With the rise of the Dreamcast, work went underway to create a new game in the T&E series, which had fallen to the wayside with the Saturn. While the Dreamcast didn’t survive in time for the game to be finished, the project was moved over to the Xbox. If you look online, you can actually find footage of the Dreamcast version, and it doesn’t actually look all that different from what we got. Also, the game’s subtitle was going to be “All Funked Up” at one point, which while much less generic, would have to be changed for obvious reasons.
Twelve sacred records have been stolen from Funkotron and scattered across Earth, where an evil force known as “The Anti-Funk” is draining the power from them. ToeJam & Earl are sent back to Earth to gather them, along some sassy blue alien girl named Latisha. All three characters have unique traits to them this time around, instead of just emore speed’ or emore health’. Earl can get health back from eating spoiled food, while ToeJam gets a discount for buying stuff from mailboxes, for example. All the characters have a lot more dialogue to them, too, which is good and bad in its own way. When you keep hearing lines like “Hey, a key!” and “Funkify!” time and time again, you might start to miss the days of the Genesis’s sound processors. Still, however, you have to admit that a game where the character selection screen has the characters rapping at you is definitely… unique.
The game structure’s much closer to the first game, with most everything that has introduced with the second game getting removed. You’ve got a bunch of randomly generated levels, populated with presents, earthlings, and the records you’re supposed to be collecting. Instead of the game being split into a linear set of levels, however, you’ve now got a HUB world that leads to other levels. Since every level is now part of its own separate area, falling off a cliff will now just cause a very small amount of damage instead of kicking you to a previous level. The presents are once again kept in an inventory, with certain ones having a chance to backfire on you and do something bad. The rocket skates, for example, will give you extra speed, but if they backfire, they’ll become nearly impossible to actually control.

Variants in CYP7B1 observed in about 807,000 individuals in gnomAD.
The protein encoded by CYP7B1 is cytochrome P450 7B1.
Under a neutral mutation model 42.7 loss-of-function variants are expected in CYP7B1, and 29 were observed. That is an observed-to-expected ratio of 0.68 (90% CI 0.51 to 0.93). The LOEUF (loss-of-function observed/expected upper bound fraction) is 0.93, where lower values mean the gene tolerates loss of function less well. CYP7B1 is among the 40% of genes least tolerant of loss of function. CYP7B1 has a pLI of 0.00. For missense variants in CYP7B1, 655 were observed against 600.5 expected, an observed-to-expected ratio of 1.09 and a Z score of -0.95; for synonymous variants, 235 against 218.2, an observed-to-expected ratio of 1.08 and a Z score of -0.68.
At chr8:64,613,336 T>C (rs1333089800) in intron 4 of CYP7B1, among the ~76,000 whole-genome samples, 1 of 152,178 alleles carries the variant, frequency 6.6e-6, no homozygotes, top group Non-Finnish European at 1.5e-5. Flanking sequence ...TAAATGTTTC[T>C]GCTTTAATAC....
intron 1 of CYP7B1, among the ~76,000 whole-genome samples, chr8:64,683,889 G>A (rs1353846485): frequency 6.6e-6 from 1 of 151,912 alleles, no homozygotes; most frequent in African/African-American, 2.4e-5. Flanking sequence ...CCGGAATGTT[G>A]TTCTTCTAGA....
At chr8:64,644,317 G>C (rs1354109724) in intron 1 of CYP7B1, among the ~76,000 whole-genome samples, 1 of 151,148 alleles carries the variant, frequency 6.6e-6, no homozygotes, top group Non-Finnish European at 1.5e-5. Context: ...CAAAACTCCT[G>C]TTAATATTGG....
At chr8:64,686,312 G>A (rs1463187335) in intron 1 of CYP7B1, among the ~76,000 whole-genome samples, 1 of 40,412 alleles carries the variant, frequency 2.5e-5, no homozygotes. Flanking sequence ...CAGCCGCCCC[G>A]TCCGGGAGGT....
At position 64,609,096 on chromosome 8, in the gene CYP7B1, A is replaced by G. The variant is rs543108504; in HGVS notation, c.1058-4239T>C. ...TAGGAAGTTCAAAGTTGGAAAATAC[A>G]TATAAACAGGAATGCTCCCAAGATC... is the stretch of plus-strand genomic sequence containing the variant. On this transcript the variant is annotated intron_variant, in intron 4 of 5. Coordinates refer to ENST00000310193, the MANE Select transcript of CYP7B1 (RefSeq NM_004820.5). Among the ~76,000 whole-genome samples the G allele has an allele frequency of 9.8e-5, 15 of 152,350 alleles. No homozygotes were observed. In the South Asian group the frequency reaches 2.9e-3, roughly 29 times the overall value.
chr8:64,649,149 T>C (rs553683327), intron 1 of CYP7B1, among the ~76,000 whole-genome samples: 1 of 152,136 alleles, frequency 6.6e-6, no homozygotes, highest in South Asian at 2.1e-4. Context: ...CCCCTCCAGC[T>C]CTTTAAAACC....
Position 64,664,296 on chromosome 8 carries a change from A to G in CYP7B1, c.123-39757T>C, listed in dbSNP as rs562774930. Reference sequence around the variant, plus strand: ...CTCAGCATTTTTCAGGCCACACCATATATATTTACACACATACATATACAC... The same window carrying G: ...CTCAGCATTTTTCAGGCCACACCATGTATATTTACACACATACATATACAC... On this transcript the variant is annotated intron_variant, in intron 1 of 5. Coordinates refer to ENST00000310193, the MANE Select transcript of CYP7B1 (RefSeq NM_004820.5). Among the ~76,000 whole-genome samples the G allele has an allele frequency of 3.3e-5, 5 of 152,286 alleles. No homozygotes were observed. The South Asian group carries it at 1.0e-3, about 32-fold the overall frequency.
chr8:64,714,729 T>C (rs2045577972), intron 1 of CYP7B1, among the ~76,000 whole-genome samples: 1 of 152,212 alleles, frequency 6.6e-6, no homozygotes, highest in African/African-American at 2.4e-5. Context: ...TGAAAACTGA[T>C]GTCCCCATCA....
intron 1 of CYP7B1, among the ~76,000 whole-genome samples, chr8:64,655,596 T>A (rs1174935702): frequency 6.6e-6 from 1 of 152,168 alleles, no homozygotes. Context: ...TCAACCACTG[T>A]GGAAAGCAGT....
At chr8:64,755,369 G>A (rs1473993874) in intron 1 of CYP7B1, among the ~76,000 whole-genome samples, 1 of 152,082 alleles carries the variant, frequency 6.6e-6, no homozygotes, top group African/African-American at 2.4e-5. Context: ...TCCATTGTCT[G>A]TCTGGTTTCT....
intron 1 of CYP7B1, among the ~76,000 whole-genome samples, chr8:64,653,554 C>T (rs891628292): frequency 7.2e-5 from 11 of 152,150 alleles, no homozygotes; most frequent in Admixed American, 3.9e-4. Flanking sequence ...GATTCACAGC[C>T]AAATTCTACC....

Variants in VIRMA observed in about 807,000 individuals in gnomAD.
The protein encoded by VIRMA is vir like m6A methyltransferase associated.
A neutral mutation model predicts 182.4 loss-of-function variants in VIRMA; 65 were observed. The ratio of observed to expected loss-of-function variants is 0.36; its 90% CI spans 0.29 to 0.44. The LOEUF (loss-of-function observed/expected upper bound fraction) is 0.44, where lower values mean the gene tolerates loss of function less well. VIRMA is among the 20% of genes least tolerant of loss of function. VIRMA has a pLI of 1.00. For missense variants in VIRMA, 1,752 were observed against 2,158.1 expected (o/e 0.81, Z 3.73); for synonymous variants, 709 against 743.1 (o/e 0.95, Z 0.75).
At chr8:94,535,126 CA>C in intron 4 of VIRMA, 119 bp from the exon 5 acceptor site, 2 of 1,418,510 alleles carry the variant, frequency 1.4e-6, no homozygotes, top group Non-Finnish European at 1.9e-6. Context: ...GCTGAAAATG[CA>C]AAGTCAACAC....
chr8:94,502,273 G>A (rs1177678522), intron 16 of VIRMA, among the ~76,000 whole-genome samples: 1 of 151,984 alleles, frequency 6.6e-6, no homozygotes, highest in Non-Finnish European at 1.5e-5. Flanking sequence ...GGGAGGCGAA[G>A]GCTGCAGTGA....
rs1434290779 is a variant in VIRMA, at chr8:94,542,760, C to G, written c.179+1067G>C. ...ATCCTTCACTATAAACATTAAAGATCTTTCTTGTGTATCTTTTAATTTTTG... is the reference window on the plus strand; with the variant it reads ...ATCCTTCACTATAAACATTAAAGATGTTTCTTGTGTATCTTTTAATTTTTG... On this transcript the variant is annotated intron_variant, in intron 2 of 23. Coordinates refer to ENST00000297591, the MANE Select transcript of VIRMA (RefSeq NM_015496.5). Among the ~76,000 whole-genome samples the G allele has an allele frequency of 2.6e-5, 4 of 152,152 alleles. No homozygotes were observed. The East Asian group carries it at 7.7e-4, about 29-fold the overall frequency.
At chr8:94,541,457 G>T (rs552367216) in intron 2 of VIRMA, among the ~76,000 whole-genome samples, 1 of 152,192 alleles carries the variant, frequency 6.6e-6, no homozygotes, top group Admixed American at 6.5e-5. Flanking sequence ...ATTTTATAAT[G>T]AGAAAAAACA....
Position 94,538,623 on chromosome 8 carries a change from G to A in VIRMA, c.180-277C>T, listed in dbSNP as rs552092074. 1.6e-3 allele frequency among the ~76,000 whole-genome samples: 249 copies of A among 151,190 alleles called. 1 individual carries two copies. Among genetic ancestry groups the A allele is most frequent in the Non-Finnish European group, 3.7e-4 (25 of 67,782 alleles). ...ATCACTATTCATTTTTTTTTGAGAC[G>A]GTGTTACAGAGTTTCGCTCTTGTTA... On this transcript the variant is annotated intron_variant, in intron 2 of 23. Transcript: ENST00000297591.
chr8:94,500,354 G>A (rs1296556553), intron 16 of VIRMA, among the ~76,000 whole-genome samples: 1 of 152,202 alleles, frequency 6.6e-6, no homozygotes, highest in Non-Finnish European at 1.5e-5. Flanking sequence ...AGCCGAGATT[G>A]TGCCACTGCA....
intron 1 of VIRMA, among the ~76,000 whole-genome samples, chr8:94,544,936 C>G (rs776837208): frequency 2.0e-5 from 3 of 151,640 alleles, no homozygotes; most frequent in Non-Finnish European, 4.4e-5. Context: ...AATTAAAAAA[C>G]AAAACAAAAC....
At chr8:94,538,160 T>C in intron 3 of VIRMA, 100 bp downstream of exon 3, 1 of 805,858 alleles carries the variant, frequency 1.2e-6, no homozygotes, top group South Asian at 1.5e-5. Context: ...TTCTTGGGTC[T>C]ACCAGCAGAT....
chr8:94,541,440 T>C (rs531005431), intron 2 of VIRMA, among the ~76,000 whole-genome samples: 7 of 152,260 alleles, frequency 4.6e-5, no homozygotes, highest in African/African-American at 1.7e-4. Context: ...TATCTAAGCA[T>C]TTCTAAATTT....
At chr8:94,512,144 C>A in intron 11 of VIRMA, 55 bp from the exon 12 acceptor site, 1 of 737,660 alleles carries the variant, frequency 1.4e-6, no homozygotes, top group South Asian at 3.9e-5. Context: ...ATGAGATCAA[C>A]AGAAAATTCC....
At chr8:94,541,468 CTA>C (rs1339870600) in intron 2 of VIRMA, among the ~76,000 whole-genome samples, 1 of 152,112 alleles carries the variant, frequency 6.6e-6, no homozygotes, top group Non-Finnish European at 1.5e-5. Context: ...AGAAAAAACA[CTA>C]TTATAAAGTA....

Most of these levels will be locked until you pick up enough keys to actually open them, however. Once you beat all the levels in one world, you’ll move on to the next set of levels, with such exciting worlds like “Snowy Zone” and “Water Zone” to explore. Every level also has a few extra objectives, as well. These are tasks like finding the hidden vinyl, defeating every earthling, or taking an item from another Funkotron native and bringing it to a certain earthling on the level. Finishing every objective on a level will reward you with a healthy chunk of experience towards a promotion, so it’s generally worth it.
There are still Earthlings who will chase you around and attack you, most of them taken from the first two games. A new feature, though, is that you’re not entirely defenseless from their attacks, like you were in the first game. You can use “Funk-Fu”, a short-range attack, or fire notes out of a boombox your character somehow manages to stow in their pants. You’ll want to keep a good supply of notes because a lot of enemies won’t be harmed by your Funk Fu until you reach a certain rank. Every time you lower an earthling’s health to zero, they become “funkified”, which makes them sprout out an afro and ridiculous disco glasses. Funkified humans are friendly, and will drop money and say silly comments if you speak to them.